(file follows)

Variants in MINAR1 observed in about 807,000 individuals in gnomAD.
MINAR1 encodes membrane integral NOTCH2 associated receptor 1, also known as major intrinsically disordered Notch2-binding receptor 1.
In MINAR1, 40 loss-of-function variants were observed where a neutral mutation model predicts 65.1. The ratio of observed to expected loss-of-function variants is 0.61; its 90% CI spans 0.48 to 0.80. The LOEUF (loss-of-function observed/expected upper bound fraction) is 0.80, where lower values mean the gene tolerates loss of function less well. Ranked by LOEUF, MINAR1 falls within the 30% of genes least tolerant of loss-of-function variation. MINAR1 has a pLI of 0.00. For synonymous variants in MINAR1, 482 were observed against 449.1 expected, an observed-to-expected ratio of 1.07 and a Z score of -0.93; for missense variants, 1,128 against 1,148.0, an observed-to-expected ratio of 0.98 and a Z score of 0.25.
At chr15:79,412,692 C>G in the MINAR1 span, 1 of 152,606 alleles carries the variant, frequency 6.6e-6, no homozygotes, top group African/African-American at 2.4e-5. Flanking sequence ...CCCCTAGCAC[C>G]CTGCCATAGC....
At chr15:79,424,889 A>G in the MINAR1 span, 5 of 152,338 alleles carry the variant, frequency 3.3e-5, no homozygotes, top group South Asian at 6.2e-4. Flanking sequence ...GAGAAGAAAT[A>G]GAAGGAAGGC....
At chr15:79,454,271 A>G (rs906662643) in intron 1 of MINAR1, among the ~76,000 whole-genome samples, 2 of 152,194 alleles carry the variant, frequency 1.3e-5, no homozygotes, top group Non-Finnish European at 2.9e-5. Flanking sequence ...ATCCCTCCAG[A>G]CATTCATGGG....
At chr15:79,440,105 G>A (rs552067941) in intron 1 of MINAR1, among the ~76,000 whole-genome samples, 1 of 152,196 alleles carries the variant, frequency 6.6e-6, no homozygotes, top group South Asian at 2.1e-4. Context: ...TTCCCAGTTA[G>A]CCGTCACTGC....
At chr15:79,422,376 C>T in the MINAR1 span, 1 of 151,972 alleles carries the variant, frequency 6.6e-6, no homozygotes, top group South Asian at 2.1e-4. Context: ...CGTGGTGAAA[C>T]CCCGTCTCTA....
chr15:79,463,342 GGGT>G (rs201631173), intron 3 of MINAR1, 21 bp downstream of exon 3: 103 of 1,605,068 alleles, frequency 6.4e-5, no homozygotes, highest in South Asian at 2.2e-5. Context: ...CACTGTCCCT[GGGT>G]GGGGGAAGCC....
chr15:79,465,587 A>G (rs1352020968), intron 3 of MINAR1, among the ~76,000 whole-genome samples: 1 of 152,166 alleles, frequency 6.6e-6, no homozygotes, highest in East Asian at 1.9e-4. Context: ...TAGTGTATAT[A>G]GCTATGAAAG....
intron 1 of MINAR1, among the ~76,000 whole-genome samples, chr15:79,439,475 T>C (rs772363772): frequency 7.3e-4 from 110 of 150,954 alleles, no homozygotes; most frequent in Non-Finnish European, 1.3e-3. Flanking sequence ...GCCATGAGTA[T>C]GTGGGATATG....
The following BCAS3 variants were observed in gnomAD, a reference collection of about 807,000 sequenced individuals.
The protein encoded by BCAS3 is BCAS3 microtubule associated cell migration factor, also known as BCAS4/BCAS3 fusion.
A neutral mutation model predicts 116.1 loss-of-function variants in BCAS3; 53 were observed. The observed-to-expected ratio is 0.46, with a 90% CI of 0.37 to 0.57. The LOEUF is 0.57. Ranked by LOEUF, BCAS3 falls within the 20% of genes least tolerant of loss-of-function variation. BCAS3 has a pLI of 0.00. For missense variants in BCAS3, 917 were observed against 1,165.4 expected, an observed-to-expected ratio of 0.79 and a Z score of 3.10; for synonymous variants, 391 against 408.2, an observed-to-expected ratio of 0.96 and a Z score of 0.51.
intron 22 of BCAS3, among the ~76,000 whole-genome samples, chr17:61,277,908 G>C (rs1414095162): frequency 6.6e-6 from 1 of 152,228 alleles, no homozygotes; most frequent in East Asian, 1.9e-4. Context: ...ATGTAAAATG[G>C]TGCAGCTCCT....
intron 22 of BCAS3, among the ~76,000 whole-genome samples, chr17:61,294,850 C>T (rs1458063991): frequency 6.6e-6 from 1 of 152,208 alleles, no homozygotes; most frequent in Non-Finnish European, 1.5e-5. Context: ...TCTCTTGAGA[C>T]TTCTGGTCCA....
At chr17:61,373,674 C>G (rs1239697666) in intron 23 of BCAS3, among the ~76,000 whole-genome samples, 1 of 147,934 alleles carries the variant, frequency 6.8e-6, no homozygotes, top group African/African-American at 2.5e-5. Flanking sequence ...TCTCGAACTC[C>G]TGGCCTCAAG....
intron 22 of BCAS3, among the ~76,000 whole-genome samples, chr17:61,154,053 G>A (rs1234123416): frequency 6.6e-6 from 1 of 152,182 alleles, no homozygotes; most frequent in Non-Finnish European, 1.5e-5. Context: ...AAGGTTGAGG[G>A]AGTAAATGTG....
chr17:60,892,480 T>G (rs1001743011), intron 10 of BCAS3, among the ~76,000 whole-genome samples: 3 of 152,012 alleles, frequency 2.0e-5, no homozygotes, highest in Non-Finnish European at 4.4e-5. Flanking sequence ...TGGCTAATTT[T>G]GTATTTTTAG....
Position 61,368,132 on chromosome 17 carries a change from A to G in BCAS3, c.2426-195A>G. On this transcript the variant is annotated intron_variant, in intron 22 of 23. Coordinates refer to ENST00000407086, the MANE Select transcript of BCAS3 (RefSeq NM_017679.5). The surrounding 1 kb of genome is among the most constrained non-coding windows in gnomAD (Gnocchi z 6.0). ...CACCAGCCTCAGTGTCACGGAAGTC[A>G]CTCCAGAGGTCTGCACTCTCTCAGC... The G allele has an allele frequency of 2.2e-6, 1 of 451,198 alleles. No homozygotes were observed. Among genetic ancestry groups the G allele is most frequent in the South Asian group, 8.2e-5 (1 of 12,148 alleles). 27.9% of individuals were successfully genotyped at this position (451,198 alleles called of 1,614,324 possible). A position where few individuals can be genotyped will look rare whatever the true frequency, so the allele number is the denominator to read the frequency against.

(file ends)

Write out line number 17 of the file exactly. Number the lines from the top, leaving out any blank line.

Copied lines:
At chr17:61,373,674 C>G (rs1239697666) in intron 23 of BCAS3, among the ~76,000 whole-genome samples, 1 of 147,934 alleles carries the variant, frequency 6.8e-6, no homozygotes, top group African/African-American at 2.5e-5. Flanking sequence ...TCTCGAACTC[C>G]TGGCCTCAAG....